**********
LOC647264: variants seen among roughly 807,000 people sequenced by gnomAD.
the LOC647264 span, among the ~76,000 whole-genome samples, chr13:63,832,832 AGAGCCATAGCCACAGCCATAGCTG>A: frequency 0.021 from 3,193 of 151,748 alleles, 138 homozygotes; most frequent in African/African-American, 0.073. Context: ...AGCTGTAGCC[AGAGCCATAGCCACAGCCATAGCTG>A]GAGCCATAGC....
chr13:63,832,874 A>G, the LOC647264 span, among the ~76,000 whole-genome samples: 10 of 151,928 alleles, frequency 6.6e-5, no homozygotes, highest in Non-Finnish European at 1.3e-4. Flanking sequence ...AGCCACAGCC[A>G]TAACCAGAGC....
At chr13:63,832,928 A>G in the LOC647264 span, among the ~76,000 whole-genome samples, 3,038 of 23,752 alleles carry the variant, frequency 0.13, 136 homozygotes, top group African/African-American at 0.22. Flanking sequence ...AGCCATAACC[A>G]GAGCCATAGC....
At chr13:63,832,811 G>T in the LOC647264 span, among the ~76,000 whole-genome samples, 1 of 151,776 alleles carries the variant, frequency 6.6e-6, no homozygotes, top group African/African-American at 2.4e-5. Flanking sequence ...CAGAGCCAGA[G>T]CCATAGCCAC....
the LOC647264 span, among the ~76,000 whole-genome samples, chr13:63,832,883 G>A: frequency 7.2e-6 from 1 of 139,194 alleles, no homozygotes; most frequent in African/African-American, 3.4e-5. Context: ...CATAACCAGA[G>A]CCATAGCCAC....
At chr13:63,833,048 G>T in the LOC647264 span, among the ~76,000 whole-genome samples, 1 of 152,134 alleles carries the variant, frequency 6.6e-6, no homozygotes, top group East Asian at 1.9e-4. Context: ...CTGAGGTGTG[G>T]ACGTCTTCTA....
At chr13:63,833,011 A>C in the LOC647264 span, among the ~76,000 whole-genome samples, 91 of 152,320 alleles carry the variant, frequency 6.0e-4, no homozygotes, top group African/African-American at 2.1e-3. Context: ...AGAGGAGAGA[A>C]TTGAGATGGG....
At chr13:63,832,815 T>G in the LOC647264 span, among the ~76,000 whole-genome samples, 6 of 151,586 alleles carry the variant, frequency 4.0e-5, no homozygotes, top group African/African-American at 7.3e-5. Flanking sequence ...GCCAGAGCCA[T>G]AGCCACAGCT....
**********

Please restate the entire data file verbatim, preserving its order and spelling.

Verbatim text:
LOC647264: variants seen among roughly 807,000 people sequenced by gnomAD.
the LOC647264 span, among the ~76,000 whole-genome samples, chr13:63,832,832 AGAGCCATAGCCACAGCCATAGCTG>A: frequency 0.021 from 3,193 of 151,748 alleles, 138 homozygotes; most frequent in African/African-American, 0.073. Context: ...AGCTGTAGCC[AGAGCCATAGCCACAGCCATAGCTG>A]GAGCCATAGC....
chr13:63,832,874 A>G, the LOC647264 span, among the ~76,000 whole-genome samples: 10 of 151,928 alleles, frequency 6.6e-5, no homozygotes, highest in Non-Finnish European at 1.3e-4. Flanking sequence ...AGCCACAGCC[A>G]TAACCAGAGC....
At chr13:63,832,928 A>G in the LOC647264 span, among the ~76,000 whole-genome samples, 3,038 of 23,752 alleles carry the variant, frequency 0.13, 136 homozygotes, top group African/African-American at 0.22. Flanking sequence ...AGCCATAACC[A>G]GAGCCATAGC....
At chr13:63,832,811 G>T in the LOC647264 span, among the ~76,000 whole-genome samples, 1 of 151,776 alleles carries the variant, frequency 6.6e-6, no homozygotes, top group African/African-American at 2.4e-5. Flanking sequence ...CAGAGCCAGA[G>T]CCATAGCCAC....
the LOC647264 span, among the ~76,000 whole-genome samples, chr13:63,832,883 G>A: frequency 7.2e-6 from 1 of 139,194 alleles, no homozygotes; most frequent in African/African-American, 3.4e-5. Context: ...CATAACCAGA[G>A]CCATAGCCAC....
At chr13:63,833,048 G>T in the LOC647264 span, among the ~76,000 whole-genome samples, 1 of 152,134 alleles carries the variant, frequency 6.6e-6, no homozygotes, top group East Asian at 1.9e-4. Context: ...CTGAGGTGTG[G>T]ACGTCTTCTA....
At chr13:63,833,011 A>C in the LOC647264 span, among the ~76,000 whole-genome samples, 91 of 152,320 alleles carry the variant, frequency 6.0e-4, no homozygotes, top group African/African-American at 2.1e-3. Context: ...AGAGGAGAGA[A>C]TTGAGATGGG....
At chr13:63,832,815 T>G in the LOC647264 span, among the ~76,000 whole-genome samples, 6 of 151,586 alleles carry the variant, frequency 4.0e-5, no homozygotes, top group African/African-American at 7.3e-5. Flanking sequence ...GCCAGAGCCA[T>G]AGCCACAGCT....